The supplied headphones come with noise-isolating grommets with full in-line play controls attached. They’re a little on the bright side, though there’s a fair bit of scope to correct this with the graphic equaliser. Failing that, the 3.5mm headphone jack and stereo Bluetooth option make upgrades easy. Also present is Nokia’s rather excellent FM radio with auto tuning and 20 presets.
Feature rich, but still rather unintuitive
Onboard memory has been slashed from 32GB to 8GB, which will still be more than enough for most. If you need more, you can add up to 16GB with a micro SD card. Battery life has dropped a little on the N97 mini. We barely got a day of solid use out of it, which could certainly be an issue for heavy users.
With its decent camera, okay browser, better than average music player Wi-Fi, HSDPA 3G and A-GPS The Nokia N97 Mini seems pretty, much as its predecessor did. Yet it’s still a frustrating experience to use, largely due to that irritatingly unresponsive screen – and the unintuitive, clunky and ugly UI doesn’t help either. If you persevere and get used to its quirks though, it has a lot to offer. The trouble is, there are plenty of other phones from HTC, Apple, Palm and Blackberry that offer all those features too, and make them easier to use. ®
More Qwerty Smartphone Reviews...
Nokia N97 Mini
Has your brother ever updated the phone? Nokia released two firmware updates (11.0.021 then 12.2.024) wayyy back in july+august which killed most of the stability and glitching bugs, then the 20.2.019 firmware in october which polished the device off a bit and added extra functionality (and is essentially same firmware the n97 mini has used from release) - With this latest firmware your brother shouldn't really be having any sizeable problems, unless he has a fubar unit.
Those are not proper tethering, they are kludges which require clients on the connected device. To tether on Android properly, you need to jailbreak it.
Shame, on S60, you can buy Joikuspot for about 15EUR, and have full standards-based wifi/bluetooth tethering, and work with *any* OS, including certain esoteric embedded things which will maintain a wifi link/have a wireless supplicant, but upon which you can't install client software.
Hell, pay a fortune, and even the iPhone tethers. Android does not, and that just seems like a let down for something which was hyped as more "open". Yeah, I know it used to work, and Google pulled the function at the behest of a telco in the USA, but that matters not a damn to the rest of the work that it affects.
So, meantime, it's a shame, an unjailbroken ANdroid phone does not tether. You can run some slightly marginal kludges on a client machine to get some form of connectivity- but that's not only a pain in the rear, but of very limited use. Having to maintain a zillion different forms of connectivity with defferent OSsen is also more work than it's worth doing. If I boot between MacOS and Linux, I'd rather not have to start up VPN clients and various other crap to get my phone to nearly do something that it's supposed to do anyway.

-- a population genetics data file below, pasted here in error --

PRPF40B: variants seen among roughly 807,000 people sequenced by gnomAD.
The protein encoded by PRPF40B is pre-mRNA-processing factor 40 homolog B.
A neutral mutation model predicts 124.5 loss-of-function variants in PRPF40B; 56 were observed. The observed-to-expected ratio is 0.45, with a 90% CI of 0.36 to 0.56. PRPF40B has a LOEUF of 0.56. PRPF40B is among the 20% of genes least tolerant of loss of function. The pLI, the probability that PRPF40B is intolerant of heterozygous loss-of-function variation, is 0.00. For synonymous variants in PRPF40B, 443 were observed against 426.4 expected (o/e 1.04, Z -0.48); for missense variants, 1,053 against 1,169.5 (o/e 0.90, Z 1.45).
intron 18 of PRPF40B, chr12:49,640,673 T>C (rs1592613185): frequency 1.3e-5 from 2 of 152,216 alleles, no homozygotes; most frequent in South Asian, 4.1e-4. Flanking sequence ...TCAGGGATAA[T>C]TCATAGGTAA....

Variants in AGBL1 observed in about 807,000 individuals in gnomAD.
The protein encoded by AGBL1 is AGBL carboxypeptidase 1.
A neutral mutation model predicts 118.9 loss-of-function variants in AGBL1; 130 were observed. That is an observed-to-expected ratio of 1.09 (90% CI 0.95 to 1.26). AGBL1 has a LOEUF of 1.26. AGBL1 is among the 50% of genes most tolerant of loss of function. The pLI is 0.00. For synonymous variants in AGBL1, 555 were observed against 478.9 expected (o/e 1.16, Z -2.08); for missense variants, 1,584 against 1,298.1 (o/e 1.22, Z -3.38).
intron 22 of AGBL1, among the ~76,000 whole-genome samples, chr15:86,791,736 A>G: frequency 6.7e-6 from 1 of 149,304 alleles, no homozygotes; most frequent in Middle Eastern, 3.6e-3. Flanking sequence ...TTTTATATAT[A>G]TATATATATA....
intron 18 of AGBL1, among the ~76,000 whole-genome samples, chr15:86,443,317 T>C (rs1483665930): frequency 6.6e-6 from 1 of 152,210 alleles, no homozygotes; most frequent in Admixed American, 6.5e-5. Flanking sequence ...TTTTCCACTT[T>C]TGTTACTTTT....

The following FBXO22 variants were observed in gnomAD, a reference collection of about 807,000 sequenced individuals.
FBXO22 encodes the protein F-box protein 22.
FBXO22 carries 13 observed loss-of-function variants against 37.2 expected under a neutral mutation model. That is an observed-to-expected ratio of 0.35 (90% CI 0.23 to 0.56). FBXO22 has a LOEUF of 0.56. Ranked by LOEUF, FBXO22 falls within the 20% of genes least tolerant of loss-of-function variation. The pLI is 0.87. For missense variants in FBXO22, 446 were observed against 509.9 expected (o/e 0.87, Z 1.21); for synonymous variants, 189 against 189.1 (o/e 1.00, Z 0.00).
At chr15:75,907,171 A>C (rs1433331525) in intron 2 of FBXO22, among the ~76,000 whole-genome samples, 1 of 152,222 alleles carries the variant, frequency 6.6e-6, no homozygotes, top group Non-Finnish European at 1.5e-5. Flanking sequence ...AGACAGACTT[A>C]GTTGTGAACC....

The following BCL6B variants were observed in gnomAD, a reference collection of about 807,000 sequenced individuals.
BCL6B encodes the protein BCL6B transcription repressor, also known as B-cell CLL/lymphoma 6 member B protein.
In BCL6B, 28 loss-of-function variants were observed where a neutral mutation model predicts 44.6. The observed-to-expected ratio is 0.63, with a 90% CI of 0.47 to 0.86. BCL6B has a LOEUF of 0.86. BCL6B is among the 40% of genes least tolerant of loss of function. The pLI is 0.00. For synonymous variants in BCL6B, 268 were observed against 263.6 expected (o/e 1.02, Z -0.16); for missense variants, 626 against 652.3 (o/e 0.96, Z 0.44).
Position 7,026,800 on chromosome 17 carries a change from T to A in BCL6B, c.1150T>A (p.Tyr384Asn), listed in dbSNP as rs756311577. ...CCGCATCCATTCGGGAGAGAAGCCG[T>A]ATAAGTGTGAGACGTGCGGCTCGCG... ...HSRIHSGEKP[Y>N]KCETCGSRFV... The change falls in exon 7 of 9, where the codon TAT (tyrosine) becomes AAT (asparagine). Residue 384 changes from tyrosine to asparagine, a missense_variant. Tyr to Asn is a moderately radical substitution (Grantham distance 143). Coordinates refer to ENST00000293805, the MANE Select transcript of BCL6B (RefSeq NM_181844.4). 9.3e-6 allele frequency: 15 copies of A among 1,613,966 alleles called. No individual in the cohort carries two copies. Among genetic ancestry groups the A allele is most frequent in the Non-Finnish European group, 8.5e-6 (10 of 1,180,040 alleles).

Ten years ago called, they want their mobile platform back.
The keyboard is the deciding factor
I have the N97 mini, and basically it's as this review says - fundamentally great phone but using it can be a little awkward due to touch screen and OS. But I still like it for the simple reason that the keyboard makes typing a much more productive affair. Not only is it faster (because you make fewer mistakes) but you can you see the full screen while you type.
So that's the bottom line. Why would you want to buy one? Well, hi-res screen, voice navigation and hi-res camera are all nice to have, but not deal makers. But if you send a lot of emails, comment on blogs, or write on twitter whatever - anything involving text input - then the slider format of the N97 suddenly makes it a very attractive option.
Tethering an Android device to Linux
...is fairly straight forward without rooting the device.
There's at least 2 apps I know of - one of which I've used successfully and only requires openVPN on the linux machine - try googling "tethering android linux".
No, don't mind one bit..
The reason is simply that if I am going to spend a chunk of change on a smartphone, I'd want one that tethers with my Linux-based netbook sensibly. The proper Android tethering app needs a rooted phone. It's a bit of an unreasonable obsession of mine. Right now, I have a PAYG candybar, and one of those Mifi thingies for tethering (which works nicely), but there's always scope to reduce clutter.
It's a shame, as Android seems pretty impressive, having messed with G1, HTC Hero and such (looking forward to seeing a Nexus One, also).
Anyway, a fair question.